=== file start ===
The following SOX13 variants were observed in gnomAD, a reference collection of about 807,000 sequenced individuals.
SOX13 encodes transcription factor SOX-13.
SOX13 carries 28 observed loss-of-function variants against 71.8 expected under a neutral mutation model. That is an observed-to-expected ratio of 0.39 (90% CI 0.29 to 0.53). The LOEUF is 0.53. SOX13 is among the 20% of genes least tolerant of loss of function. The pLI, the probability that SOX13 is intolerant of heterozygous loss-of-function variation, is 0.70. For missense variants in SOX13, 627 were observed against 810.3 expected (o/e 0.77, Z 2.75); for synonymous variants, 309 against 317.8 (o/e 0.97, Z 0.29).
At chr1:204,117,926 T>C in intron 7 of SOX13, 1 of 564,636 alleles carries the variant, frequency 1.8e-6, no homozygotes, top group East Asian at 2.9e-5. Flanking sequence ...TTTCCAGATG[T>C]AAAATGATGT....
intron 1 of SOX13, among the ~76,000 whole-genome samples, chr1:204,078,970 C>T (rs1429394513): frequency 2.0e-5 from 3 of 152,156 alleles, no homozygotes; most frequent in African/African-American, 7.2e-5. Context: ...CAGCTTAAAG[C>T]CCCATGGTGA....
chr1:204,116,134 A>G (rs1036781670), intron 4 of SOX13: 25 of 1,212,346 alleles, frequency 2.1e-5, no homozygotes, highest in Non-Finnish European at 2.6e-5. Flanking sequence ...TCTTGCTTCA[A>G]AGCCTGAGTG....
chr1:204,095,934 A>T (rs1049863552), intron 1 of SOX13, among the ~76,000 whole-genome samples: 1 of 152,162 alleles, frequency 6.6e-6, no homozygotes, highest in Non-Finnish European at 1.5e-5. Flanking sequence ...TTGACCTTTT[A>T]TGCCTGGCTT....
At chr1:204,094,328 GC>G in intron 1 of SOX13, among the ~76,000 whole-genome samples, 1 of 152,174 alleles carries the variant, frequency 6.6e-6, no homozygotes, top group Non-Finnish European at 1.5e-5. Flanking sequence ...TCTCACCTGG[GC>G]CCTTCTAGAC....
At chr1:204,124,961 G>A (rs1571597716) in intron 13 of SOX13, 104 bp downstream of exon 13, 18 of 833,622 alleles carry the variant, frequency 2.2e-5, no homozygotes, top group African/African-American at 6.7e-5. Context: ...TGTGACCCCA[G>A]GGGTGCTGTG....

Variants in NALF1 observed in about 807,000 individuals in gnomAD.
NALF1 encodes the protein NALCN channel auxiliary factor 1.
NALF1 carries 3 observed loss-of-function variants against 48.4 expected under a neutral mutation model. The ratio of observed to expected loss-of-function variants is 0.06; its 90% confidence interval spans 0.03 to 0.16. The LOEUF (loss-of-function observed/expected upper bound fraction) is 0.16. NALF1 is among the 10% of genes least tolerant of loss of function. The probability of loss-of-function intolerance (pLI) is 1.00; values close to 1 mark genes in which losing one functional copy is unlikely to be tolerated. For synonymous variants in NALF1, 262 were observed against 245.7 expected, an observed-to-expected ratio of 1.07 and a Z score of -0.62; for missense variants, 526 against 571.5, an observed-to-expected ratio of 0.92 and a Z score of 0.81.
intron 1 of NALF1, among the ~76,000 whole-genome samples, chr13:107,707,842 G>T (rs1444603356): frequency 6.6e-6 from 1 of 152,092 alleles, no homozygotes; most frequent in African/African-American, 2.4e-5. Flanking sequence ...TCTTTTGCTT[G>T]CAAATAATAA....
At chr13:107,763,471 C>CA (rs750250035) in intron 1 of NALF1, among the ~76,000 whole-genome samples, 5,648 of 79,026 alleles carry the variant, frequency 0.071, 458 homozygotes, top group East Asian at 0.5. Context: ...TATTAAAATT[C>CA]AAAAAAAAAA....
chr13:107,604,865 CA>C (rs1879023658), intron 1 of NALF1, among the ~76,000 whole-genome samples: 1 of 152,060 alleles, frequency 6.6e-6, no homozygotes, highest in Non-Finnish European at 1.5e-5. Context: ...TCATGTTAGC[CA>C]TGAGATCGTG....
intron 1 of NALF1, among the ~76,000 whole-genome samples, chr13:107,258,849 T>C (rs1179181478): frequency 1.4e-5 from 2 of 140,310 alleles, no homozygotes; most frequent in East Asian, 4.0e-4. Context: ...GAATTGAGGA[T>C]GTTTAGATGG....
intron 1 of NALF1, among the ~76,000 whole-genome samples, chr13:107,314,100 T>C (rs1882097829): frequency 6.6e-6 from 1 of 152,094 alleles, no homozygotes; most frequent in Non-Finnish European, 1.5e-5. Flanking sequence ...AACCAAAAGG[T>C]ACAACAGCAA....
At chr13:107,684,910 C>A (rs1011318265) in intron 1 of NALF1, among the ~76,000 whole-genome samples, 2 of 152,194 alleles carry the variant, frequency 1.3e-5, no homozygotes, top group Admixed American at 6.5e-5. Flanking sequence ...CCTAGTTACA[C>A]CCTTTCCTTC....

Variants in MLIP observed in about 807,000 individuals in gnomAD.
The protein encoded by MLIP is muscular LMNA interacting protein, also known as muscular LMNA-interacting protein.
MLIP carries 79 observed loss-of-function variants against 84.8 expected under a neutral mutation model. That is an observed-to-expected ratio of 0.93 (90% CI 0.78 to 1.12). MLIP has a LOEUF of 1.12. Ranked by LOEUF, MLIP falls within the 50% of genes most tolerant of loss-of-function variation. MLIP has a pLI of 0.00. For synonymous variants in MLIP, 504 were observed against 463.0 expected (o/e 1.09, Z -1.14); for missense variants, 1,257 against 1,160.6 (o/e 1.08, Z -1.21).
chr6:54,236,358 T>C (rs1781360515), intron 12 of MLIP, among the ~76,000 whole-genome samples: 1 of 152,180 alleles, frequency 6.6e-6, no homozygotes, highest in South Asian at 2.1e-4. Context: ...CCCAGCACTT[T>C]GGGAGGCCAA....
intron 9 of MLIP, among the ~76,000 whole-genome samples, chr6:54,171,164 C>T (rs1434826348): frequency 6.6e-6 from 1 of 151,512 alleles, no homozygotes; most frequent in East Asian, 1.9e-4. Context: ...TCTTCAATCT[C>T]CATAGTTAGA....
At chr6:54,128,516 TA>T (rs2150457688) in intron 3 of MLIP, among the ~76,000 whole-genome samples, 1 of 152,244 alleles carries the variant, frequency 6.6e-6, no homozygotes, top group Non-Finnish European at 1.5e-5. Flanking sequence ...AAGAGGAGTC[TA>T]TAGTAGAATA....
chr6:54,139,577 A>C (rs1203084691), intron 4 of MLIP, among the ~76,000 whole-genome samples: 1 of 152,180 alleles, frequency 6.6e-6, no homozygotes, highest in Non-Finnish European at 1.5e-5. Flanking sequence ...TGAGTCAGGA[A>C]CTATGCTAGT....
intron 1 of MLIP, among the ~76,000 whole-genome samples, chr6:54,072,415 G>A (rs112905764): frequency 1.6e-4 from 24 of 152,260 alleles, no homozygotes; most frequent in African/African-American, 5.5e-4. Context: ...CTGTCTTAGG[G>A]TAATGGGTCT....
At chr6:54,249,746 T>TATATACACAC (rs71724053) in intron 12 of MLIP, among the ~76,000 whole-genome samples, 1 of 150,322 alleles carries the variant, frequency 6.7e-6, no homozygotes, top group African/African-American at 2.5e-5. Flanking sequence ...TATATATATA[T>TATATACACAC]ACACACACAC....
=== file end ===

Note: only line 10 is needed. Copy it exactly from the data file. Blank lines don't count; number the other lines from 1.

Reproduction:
Variants in NALF1 observed in about 807,000 individuals in gnomAD.